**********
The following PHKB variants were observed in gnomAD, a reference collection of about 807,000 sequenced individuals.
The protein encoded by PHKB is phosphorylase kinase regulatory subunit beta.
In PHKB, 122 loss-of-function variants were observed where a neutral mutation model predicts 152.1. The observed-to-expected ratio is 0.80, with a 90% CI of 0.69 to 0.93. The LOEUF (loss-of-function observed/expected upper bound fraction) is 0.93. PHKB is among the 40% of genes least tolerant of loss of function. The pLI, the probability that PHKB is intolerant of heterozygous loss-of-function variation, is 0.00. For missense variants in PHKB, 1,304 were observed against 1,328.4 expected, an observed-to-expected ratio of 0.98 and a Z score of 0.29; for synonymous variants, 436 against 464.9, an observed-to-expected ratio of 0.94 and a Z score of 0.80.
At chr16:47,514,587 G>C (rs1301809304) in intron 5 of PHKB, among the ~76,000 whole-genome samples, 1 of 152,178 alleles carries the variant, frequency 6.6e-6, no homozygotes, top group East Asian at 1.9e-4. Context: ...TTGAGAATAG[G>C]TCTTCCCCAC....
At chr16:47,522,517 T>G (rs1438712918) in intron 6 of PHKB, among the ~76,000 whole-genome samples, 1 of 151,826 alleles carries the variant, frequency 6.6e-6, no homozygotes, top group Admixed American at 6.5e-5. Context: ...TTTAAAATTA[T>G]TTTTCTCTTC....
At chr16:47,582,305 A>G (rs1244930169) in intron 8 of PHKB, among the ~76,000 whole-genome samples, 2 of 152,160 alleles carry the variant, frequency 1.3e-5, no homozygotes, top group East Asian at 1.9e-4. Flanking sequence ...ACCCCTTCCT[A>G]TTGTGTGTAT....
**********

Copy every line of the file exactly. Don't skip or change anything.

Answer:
The following PHKB variants were observed in gnomAD, a reference collection of about 807,000 sequenced individuals.
The protein encoded by PHKB is phosphorylase kinase regulatory subunit beta.
In PHKB, 122 loss-of-function variants were observed where a neutral mutation model predicts 152.1. The observed-to-expected ratio is 0.80, with a 90% CI of 0.69 to 0.93. The LOEUF (loss-of-function observed/expected upper bound fraction) is 0.93. PHKB is among the 40% of genes least tolerant of loss of function. The pLI, the probability that PHKB is intolerant of heterozygous loss-of-function variation, is 0.00. For missense variants in PHKB, 1,304 were observed against 1,328.4 expected, an observed-to-expected ratio of 0.98 and a Z score of 0.29; for synonymous variants, 436 against 464.9, an observed-to-expected ratio of 0.94 and a Z score of 0.80.
At chr16:47,514,587 G>C (rs1301809304) in intron 5 of PHKB, among the ~76,000 whole-genome samples, 1 of 152,178 alleles carries the variant, frequency 6.6e-6, no homozygotes, top group East Asian at 1.9e-4. Context: ...TTGAGAATAG[G>C]TCTTCCCCAC....
At chr16:47,522,517 T>G (rs1438712918) in intron 6 of PHKB, among the ~76,000 whole-genome samples, 1 of 151,826 alleles carries the variant, frequency 6.6e-6, no homozygotes, top group Admixed American at 6.5e-5. Context: ...TTTAAAATTA[T>G]TTTTCTCTTC....
At chr16:47,582,305 A>G (rs1244930169) in intron 8 of PHKB, among the ~76,000 whole-genome samples, 2 of 152,160 alleles carry the variant, frequency 1.3e-5, no homozygotes, top group East Asian at 1.9e-4. Flanking sequence ...ACCCCTTCCT[A>G]TTGTGTGTAT....